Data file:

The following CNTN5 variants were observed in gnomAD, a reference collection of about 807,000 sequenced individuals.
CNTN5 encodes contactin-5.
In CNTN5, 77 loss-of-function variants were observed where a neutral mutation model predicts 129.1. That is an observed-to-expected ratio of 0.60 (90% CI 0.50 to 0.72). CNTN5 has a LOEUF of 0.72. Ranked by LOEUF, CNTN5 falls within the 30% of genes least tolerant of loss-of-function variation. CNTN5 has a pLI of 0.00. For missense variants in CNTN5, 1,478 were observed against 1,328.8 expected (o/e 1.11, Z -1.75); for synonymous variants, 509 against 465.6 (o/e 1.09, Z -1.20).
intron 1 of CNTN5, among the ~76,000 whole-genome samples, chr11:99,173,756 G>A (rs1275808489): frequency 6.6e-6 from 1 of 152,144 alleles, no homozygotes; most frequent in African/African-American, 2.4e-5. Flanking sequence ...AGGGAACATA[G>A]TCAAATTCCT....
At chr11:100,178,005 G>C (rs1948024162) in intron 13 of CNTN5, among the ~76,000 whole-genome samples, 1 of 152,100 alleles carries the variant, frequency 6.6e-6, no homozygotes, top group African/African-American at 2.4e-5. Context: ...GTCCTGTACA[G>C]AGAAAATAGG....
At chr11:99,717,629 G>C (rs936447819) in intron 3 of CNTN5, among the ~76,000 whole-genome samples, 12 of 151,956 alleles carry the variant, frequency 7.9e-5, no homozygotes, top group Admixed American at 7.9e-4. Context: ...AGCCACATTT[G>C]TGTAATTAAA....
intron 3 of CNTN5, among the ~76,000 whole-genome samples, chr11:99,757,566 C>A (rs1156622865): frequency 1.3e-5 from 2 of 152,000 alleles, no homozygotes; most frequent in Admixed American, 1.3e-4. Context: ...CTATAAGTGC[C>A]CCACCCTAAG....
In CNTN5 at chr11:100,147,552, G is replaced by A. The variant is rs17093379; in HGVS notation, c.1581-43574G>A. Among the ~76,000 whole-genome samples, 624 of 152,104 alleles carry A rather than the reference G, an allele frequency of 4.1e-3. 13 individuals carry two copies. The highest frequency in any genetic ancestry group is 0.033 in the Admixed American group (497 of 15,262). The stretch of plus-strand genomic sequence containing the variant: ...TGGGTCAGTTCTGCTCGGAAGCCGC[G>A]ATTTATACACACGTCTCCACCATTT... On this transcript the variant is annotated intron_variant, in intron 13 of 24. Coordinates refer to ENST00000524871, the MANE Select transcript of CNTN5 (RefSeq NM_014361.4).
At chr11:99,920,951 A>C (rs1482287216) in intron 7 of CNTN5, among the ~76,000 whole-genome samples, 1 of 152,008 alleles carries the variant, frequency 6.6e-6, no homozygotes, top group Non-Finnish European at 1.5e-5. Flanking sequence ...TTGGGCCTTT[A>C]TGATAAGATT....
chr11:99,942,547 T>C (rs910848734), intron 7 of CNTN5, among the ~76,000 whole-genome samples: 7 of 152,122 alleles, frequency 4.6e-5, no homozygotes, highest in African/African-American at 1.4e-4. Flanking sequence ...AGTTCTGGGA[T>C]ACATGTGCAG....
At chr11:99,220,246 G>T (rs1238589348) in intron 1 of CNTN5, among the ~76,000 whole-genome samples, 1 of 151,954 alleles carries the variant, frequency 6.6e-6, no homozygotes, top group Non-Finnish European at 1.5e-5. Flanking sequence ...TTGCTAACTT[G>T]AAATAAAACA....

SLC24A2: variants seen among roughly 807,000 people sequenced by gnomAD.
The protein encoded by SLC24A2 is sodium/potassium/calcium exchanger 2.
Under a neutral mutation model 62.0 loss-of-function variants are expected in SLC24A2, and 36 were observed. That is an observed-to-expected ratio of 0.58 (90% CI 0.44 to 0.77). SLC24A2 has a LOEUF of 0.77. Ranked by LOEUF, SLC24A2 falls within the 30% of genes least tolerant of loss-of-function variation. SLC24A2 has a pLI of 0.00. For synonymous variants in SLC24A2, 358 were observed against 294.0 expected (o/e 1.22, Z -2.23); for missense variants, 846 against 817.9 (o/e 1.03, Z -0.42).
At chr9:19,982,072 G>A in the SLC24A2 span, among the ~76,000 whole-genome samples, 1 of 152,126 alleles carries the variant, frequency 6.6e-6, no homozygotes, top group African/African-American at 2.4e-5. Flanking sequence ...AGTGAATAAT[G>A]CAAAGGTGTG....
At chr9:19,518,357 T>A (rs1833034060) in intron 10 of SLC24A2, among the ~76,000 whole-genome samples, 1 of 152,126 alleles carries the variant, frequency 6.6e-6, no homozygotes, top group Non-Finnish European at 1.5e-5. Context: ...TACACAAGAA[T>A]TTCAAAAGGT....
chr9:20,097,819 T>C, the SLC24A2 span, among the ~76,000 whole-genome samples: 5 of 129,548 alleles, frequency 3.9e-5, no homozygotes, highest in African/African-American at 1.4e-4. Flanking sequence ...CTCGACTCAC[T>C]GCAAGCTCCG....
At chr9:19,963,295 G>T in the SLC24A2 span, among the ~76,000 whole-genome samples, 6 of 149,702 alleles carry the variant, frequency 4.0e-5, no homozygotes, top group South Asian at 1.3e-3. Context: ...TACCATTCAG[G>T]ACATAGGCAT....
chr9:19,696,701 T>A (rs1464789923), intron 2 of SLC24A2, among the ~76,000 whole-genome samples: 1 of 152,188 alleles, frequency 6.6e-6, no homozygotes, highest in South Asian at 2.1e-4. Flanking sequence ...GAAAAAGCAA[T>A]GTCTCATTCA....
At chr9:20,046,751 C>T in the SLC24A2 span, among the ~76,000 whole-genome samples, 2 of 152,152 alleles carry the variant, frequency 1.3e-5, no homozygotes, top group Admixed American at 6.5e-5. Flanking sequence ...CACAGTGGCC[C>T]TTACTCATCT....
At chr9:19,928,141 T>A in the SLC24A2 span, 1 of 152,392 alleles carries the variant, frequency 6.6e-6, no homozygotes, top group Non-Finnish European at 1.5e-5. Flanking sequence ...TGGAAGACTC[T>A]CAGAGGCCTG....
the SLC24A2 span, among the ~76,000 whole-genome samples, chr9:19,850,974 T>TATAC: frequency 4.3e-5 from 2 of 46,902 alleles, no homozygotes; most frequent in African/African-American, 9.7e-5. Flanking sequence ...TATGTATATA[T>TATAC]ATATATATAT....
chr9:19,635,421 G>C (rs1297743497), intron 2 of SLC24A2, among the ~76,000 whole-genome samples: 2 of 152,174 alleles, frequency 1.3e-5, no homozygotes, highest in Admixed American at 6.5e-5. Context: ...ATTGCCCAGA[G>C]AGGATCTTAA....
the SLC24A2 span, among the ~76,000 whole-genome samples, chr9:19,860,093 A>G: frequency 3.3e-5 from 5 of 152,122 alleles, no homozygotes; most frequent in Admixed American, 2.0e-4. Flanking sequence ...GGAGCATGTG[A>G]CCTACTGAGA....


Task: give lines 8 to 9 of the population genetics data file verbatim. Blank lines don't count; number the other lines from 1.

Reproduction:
In CNTN5 at chr11:100,147,552, G is replaced by A. The variant is rs17093379; in HGVS notation, c.1581-43574G>A. Among the ~76,000 whole-genome samples, 624 of 152,104 alleles carry A rather than the reference G, an allele frequency of 4.1e-3. 13 individuals carry two copies. The highest frequency in any genetic ancestry group is 0.033 in the Admixed American group (497 of 15,262). The stretch of plus-strand genomic sequence containing the variant: ...TGGGTCAGTTCTGCTCGGAAGCCGC[G>A]ATTTATACACACGTCTCCACCATTT... On this transcript the variant is annotated intron_variant, in intron 13 of 24. Coordinates refer to ENST00000524871, the MANE Select transcript of CNTN5 (RefSeq NM_014361.4).
At chr11:99,920,951 A>C (rs1482287216) in intron 7 of CNTN5, among the ~76,000 whole-genome samples, 1 of 152,008 alleles carries the variant, frequency 6.6e-6, no homozygotes, top group Non-Finnish European at 1.5e-5. Flanking sequence ...TTGGGCCTTT[A>C]TGATAAGATT....